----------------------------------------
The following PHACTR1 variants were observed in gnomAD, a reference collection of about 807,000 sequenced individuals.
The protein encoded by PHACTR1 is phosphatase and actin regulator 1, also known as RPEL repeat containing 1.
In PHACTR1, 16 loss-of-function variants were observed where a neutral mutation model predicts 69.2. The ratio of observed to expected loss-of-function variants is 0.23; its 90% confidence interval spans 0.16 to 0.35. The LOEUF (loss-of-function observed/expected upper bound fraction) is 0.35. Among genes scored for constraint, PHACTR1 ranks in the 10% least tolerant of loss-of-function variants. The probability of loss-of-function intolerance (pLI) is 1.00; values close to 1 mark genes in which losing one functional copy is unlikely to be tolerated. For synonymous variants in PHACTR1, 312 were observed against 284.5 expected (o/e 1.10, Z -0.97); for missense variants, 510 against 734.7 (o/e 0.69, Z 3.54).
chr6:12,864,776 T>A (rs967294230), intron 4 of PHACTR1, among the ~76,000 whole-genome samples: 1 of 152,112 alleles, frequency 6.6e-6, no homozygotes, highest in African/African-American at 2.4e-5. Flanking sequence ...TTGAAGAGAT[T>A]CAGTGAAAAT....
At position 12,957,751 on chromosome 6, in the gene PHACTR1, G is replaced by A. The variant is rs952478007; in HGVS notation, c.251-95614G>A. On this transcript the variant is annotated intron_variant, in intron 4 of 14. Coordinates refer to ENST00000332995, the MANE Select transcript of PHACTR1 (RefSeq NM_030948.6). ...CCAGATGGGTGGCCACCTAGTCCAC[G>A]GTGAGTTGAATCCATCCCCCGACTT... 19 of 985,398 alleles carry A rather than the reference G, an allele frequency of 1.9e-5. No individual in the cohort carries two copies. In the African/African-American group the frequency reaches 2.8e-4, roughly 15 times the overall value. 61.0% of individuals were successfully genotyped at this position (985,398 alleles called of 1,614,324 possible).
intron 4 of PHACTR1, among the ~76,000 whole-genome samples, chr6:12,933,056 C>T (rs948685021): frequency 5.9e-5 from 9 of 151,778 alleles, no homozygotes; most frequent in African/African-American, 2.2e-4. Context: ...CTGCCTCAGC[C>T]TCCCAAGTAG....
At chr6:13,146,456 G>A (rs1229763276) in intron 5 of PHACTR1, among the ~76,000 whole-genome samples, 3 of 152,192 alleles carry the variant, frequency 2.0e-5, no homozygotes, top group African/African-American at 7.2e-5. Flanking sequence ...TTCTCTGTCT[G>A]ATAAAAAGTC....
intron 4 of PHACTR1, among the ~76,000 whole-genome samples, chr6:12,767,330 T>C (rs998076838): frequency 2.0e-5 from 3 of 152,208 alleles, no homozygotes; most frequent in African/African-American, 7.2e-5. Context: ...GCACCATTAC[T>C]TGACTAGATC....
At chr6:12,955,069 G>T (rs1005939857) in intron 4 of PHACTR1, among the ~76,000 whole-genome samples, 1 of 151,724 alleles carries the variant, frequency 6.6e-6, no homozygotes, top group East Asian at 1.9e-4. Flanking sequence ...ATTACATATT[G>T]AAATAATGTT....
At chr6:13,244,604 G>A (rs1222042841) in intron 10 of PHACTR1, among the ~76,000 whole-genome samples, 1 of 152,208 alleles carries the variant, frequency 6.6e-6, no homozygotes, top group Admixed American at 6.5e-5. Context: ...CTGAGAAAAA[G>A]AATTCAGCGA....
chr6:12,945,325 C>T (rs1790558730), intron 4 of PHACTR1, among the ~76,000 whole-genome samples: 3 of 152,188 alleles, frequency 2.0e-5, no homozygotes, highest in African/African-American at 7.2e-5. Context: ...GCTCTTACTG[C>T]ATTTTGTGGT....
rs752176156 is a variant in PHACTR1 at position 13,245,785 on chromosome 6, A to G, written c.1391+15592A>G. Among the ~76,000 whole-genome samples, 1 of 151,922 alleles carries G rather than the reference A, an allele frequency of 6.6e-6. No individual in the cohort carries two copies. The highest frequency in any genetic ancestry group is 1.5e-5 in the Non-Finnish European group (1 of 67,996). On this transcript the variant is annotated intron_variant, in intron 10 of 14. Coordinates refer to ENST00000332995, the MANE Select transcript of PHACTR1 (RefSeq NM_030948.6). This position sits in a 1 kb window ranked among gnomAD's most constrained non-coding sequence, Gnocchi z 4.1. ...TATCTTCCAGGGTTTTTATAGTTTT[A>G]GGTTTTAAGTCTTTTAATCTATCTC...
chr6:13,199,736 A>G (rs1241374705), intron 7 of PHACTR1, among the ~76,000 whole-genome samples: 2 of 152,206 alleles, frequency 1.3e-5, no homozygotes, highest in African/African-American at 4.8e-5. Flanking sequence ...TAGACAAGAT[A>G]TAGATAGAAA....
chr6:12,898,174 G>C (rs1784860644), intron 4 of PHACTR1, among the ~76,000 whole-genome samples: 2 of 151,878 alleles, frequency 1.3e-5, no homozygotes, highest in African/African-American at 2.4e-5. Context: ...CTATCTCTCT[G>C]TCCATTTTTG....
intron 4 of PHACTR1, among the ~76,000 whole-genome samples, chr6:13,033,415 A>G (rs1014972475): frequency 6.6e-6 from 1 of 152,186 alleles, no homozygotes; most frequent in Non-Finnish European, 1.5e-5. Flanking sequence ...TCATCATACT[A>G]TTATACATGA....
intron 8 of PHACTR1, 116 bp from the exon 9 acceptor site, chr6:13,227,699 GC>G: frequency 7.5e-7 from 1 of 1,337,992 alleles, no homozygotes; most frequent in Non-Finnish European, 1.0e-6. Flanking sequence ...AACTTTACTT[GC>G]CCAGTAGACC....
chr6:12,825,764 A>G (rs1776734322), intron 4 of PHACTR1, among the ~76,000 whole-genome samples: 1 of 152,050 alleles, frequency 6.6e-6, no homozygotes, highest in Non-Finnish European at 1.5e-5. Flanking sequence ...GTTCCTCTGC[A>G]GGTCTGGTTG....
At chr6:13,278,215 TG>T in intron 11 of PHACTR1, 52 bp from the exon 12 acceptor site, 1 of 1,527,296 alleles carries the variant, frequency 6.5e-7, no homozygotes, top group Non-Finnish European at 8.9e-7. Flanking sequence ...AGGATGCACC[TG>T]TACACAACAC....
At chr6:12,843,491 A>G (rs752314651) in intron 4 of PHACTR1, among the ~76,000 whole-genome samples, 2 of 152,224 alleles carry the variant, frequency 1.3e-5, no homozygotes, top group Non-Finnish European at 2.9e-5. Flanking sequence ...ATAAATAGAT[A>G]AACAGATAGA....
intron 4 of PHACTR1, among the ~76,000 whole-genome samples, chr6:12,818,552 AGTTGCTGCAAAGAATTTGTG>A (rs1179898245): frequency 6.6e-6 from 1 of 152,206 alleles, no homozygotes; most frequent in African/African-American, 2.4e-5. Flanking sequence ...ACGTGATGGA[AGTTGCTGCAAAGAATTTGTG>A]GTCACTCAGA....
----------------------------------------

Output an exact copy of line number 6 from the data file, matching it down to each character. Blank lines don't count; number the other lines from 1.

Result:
intron 4 of PHACTR1, among the ~76,000 whole-genome samples, chr6:12,933,056 C>T (rs948685021): frequency 5.9e-5 from 9 of 151,778 alleles, no homozygotes; most frequent in African/African-American, 2.2e-4. Context: ...CTGCCTCAGC[C>T]TCCCAAGTAG....